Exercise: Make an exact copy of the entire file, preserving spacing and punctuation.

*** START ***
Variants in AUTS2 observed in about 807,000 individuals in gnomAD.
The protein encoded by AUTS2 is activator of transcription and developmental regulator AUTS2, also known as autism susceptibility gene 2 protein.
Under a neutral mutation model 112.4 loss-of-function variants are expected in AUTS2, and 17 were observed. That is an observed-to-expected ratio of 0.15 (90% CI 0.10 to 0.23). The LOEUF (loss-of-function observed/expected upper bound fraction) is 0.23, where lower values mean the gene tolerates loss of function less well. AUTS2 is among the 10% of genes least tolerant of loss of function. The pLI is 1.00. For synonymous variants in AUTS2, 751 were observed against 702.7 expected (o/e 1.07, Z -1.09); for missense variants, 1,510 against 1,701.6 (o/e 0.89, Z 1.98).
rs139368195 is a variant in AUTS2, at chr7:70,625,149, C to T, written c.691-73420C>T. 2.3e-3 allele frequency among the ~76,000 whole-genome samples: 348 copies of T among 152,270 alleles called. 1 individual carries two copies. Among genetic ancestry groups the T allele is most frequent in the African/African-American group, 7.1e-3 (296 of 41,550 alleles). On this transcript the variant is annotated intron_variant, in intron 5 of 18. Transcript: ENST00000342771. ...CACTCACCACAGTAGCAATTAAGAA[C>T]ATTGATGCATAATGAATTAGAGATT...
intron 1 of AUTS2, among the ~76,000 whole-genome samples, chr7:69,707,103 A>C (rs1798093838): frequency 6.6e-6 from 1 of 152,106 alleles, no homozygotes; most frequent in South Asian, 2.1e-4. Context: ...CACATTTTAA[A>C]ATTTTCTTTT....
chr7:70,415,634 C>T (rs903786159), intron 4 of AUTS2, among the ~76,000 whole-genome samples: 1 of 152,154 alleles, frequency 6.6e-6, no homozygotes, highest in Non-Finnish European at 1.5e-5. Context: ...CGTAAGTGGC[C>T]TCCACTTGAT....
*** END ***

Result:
Variants in AUTS2 observed in about 807,000 individuals in gnomAD.
The protein encoded by AUTS2 is activator of transcription and developmental regulator AUTS2, also known as autism susceptibility gene 2 protein.
Under a neutral mutation model 112.4 loss-of-function variants are expected in AUTS2, and 17 were observed. That is an observed-to-expected ratio of 0.15 (90% CI 0.10 to 0.23). The LOEUF (loss-of-function observed/expected upper bound fraction) is 0.23, where lower values mean the gene tolerates loss of function less well. AUTS2 is among the 10% of genes least tolerant of loss of function. The pLI is 1.00. For synonymous variants in AUTS2, 751 were observed against 702.7 expected (o/e 1.07, Z -1.09); for missense variants, 1,510 against 1,701.6 (o/e 0.89, Z 1.98).
rs139368195 is a variant in AUTS2, at chr7:70,625,149, C to T, written c.691-73420C>T. 2.3e-3 allele frequency among the ~76,000 whole-genome samples: 348 copies of T among 152,270 alleles called. 1 individual carries two copies. Among genetic ancestry groups the T allele is most frequent in the African/African-American group, 7.1e-3 (296 of 41,550 alleles). On this transcript the variant is annotated intron_variant, in intron 5 of 18. Transcript: ENST00000342771. ...CACTCACCACAGTAGCAATTAAGAA[C>T]ATTGATGCATAATGAATTAGAGATT...
intron 1 of AUTS2, among the ~76,000 whole-genome samples, chr7:69,707,103 A>C (rs1798093838): frequency 6.6e-6 from 1 of 152,106 alleles, no homozygotes; most frequent in South Asian, 2.1e-4. Context: ...CACATTTTAA[A>C]ATTTTCTTTT....
chr7:70,415,634 C>T (rs903786159), intron 4 of AUTS2, among the ~76,000 whole-genome samples: 1 of 152,154 alleles, frequency 6.6e-6, no homozygotes, highest in Non-Finnish European at 1.5e-5. Context: ...CGTAAGTGGC[C>T]TCCACTTGAT....